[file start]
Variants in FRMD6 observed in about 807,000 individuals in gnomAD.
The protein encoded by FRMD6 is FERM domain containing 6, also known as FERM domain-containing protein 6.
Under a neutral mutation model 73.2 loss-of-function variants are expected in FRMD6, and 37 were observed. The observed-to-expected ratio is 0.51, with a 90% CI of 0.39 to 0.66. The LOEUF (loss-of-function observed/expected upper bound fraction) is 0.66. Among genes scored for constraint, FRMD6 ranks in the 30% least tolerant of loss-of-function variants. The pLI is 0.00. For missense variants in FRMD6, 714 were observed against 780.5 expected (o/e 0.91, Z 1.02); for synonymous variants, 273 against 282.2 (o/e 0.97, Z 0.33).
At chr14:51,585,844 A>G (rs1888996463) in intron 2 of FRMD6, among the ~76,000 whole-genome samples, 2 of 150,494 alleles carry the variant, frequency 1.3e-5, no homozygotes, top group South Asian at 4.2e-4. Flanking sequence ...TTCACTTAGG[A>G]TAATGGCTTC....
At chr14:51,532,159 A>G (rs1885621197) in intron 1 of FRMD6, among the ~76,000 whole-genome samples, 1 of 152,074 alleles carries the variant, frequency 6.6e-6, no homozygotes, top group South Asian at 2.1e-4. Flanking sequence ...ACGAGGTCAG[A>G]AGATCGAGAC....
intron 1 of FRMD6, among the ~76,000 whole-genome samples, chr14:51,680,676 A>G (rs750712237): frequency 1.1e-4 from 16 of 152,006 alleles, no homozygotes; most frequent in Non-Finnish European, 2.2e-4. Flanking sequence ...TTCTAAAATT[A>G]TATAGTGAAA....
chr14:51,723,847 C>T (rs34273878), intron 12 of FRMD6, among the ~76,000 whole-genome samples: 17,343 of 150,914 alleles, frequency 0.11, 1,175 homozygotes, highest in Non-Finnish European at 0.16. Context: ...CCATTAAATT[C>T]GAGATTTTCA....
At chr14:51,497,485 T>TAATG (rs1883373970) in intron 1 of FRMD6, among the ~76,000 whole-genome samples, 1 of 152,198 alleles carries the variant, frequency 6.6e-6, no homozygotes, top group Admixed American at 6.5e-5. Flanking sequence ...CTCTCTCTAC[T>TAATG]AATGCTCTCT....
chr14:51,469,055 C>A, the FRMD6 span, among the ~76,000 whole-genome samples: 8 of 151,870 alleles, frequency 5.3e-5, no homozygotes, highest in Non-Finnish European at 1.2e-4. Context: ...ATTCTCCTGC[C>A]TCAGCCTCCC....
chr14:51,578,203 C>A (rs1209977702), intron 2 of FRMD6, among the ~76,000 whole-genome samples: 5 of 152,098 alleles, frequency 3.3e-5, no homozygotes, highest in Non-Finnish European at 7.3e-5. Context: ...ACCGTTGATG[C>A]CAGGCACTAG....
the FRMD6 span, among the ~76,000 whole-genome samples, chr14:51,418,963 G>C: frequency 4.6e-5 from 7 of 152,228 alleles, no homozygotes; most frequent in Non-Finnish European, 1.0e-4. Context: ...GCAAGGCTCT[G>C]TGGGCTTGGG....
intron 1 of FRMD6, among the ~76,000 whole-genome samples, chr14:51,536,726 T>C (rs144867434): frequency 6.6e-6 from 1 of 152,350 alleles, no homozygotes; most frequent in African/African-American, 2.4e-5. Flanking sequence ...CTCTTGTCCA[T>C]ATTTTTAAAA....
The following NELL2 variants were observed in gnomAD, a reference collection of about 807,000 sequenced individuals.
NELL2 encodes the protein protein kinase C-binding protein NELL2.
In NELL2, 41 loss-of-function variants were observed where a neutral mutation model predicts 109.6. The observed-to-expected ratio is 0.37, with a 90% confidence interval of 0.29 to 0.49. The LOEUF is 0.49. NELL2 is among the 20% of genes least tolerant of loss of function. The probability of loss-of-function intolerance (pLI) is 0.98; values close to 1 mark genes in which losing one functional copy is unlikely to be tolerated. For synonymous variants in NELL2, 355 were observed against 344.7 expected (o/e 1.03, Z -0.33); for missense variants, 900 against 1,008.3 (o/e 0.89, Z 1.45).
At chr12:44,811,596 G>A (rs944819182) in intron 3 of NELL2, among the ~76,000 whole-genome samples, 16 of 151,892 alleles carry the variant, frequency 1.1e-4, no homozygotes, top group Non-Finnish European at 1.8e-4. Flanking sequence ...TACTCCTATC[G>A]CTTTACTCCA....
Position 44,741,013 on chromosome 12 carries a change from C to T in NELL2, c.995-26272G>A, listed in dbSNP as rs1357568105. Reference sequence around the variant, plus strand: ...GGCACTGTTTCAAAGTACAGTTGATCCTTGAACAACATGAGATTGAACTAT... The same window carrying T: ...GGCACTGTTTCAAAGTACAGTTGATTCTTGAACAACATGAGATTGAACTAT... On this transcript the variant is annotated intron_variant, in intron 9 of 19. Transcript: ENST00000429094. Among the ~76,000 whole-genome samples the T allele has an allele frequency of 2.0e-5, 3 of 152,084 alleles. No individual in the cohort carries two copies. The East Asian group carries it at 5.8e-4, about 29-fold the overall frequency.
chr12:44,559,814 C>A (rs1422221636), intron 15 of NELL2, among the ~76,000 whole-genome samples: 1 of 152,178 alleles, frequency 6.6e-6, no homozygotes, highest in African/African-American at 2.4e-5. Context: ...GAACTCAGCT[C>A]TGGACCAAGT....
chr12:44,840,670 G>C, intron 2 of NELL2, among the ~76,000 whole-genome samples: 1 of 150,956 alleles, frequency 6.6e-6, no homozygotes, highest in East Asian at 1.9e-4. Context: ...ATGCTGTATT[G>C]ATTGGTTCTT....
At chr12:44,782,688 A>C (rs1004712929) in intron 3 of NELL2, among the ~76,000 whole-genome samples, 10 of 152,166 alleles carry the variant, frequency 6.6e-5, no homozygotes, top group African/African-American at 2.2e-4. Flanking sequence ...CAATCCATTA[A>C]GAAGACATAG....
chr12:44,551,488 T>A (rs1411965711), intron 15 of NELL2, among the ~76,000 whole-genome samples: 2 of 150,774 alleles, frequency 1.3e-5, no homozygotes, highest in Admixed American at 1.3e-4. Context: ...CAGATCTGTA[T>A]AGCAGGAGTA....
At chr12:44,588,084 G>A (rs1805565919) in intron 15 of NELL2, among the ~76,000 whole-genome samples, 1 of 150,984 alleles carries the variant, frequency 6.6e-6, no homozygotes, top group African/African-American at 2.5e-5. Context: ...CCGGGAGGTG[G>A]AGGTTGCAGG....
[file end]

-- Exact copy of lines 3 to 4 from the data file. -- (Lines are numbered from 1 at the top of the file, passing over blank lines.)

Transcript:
Under a neutral mutation model 73.2 loss-of-function variants are expected in FRMD6, and 37 were observed. The observed-to-expected ratio is 0.51, with a 90% CI of 0.39 to 0.66. The LOEUF (loss-of-function observed/expected upper bound fraction) is 0.66. Among genes scored for constraint, FRMD6 ranks in the 30% least tolerant of loss-of-function variants. The pLI is 0.00. For missense variants in FRMD6, 714 were observed against 780.5 expected (o/e 0.91, Z 1.02); for synonymous variants, 273 against 282.2 (o/e 0.97, Z 0.33).
At chr14:51,585,844 A>G (rs1888996463) in intron 2 of FRMD6, among the ~76,000 whole-genome samples, 2 of 150,494 alleles carry the variant, frequency 1.3e-5, no homozygotes, top group South Asian at 4.2e-4. Flanking sequence ...TTCACTTAGG[A>G]TAATGGCTTC....